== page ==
Is the reason why, after over a year, I don’t have a full time job because I said one or more of the seven things I’m never supposed to say in meetings? Or because I didn’t say one of the nine things that will help land a job every time? Or because I didn’t include one of the five things every resume must have?

Since I’ve been looking for work, either full-time or freelance, I’ve subscribed to the emails newsletters and RSS feeds of a number of sites that offer tips to job seekers such as myself. There are some good ideas in what’s shared, but there’s an almost endless number of lists that are published telling people what they should do and say, what they shouldn’t do or say, the kinds of words you should never use in meetings, the smartest ways to address the leader of a meeting and more.

I’m sure if I were to track everything that’s designed to help I’d find a number of contradictions, where one sure-fire tactic has now become the thing you should avoid doing at all costs. And I’m sure I’d find lots of repetition.

I don’t begrudge these sites their business model, which is geared around making themselves an essential source of career advice as well as job listings. If I were adopt every single recommendation that’s offered, though, I’d spend my entire day updating my resume and profiles, which would come off as inconsistent and borderline crazy. The appearance would be of someone who didn’t know what he was doing and so was following every fleeting trend and tidbit of advice in the hopes something sticks, not a sober-minded professional who doesn’t chase every shiny object.

The real problem is that I can’t imagine being in an even more desperate situation than mine and trying to derive value from these sites. The pressure to follow as much advice as possible – the lists come from knowledgeable people, after all, who want people to succeed and have some experience to back up their recommendations – has to be all that much greater if you’re in truly rough circumstances regarding bills, keeping a house and so on.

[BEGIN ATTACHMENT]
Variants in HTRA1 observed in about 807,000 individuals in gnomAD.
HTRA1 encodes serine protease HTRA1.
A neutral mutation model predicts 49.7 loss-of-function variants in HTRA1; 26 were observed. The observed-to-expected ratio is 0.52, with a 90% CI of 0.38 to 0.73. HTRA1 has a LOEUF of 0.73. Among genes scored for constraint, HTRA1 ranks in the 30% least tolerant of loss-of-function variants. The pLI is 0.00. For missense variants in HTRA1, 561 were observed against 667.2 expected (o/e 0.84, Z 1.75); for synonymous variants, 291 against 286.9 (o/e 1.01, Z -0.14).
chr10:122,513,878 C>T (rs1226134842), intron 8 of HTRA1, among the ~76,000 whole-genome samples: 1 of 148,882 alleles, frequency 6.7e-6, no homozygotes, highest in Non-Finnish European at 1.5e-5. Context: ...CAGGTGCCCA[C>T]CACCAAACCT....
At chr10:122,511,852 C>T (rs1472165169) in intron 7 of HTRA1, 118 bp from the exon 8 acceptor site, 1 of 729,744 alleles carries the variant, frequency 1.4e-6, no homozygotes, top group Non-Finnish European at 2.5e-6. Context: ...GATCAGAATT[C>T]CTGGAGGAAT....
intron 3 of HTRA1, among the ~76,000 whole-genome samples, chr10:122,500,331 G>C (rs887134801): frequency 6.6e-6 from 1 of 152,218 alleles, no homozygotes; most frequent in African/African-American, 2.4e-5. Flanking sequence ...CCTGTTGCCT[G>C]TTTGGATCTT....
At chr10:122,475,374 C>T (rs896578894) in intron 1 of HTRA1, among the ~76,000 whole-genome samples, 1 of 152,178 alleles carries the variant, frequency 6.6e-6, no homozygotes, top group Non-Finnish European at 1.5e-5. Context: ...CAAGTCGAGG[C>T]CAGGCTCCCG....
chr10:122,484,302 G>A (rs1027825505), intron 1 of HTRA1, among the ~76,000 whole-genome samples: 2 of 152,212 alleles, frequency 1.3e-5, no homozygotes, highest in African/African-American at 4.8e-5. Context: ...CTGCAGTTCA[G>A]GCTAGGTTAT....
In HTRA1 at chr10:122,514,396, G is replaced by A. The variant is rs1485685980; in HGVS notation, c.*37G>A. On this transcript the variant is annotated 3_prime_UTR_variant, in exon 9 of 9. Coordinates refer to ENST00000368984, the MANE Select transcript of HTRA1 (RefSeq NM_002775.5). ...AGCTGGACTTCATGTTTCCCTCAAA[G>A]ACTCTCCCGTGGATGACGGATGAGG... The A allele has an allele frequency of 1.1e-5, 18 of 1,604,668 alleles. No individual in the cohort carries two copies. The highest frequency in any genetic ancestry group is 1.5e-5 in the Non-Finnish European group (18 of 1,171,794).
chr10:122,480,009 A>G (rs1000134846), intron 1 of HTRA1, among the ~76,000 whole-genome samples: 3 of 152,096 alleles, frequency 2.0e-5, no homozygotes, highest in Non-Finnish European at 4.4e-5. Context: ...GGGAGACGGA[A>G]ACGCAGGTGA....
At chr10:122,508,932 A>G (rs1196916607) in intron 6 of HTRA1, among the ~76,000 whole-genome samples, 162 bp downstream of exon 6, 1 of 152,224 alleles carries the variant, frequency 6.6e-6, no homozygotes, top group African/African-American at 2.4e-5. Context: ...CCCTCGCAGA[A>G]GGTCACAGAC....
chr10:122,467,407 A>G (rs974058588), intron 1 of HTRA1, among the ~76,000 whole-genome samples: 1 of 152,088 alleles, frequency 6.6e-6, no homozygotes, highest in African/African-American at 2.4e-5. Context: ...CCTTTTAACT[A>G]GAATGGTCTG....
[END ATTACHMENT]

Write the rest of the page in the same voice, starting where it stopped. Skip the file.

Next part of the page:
It’s possible I’m leaving cards unplayed here, I’ll admit. But the constant stream of lists and tips is enough to create the unique level of panic that comes with having too many options to choose from. I’m not sure if my current situation is because I used one of the seven words yesterday’s post told me to never use, one from a similar list three weeks ago or one from the list published back in March. Knowing me, it’s probably all three.

Chris Thilk is a freelance writer and content strategist who lives in the Chicago suburbs.

2 Comments

  1. In addition, companies continue to delude themselves in thinking they’re going to find the perfect candidate by creating impossibly long job descriptions with requirements that no single person can fulfill, and implementing processes whereby candidates have to interview with 5 or more single people in a day, besides multiple phone screens. It’s akin to having a federal prosecutor grill you time and time again so that they’ll trip you up and indict you for perjury. Trying to find a job these days is an overly stressful and humiliating experience.

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